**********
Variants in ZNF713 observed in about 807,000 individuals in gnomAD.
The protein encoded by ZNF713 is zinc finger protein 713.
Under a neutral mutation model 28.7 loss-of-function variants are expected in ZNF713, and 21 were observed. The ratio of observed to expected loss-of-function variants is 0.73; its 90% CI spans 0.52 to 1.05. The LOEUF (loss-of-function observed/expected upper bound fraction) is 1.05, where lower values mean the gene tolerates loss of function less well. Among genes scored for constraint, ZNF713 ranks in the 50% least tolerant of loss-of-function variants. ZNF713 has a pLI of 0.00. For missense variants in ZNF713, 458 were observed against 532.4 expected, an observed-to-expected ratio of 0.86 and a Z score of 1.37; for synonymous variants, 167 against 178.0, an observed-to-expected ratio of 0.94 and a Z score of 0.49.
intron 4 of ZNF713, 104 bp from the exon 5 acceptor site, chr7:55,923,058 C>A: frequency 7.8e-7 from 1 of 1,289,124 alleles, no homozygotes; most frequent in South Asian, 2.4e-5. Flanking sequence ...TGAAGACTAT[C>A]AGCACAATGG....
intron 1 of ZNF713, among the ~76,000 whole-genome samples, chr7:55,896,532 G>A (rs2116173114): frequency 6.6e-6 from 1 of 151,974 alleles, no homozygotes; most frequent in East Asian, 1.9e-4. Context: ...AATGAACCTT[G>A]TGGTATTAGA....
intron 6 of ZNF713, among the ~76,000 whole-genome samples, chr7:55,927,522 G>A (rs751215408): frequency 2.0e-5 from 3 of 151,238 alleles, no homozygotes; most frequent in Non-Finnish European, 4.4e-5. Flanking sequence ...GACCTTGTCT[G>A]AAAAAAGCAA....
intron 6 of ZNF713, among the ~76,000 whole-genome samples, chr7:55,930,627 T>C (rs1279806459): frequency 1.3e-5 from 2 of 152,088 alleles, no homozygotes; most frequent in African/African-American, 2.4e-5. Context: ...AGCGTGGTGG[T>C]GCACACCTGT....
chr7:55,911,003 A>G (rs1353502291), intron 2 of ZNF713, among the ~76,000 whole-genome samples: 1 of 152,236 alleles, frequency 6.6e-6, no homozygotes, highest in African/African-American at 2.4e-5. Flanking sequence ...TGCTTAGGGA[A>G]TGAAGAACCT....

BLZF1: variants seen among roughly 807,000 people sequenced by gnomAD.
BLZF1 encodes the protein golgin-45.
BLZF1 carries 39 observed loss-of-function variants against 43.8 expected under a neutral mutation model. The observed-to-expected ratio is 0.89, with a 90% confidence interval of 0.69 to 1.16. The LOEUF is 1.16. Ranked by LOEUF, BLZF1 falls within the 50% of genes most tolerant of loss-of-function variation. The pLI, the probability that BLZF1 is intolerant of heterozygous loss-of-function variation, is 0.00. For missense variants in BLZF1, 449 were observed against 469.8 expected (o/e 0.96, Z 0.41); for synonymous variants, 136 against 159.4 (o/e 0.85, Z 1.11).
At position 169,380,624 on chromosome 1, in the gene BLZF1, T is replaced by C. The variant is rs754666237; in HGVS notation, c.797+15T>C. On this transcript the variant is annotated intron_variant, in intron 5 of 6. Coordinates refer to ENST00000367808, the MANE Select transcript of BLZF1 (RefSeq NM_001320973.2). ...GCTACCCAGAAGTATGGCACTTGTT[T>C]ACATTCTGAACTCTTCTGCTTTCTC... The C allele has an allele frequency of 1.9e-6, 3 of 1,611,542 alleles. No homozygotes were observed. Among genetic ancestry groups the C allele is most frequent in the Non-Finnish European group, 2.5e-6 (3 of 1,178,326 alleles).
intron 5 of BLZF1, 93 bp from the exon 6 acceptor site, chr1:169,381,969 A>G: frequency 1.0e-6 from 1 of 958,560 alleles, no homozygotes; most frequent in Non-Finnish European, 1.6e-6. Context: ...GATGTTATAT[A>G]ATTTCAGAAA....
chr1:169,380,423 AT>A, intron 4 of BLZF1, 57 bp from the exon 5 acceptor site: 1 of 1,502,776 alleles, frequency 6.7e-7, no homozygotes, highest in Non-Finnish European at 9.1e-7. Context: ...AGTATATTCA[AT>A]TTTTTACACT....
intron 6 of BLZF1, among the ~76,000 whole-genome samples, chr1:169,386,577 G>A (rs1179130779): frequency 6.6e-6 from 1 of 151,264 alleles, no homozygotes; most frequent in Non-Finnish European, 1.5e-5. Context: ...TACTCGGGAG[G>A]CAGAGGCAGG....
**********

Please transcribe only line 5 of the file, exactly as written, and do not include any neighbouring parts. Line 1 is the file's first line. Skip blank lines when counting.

intron 1 of ZNF713, among the ~76,000 whole-genome samples, chr7:55,896,532 G>A (rs2116173114): frequency 6.6e-6 from 1 of 151,974 alleles, no homozygotes; most frequent in East Asian, 1.9e-4. Context: ...AATGAACCTT[G>A]TGGTATTAGA....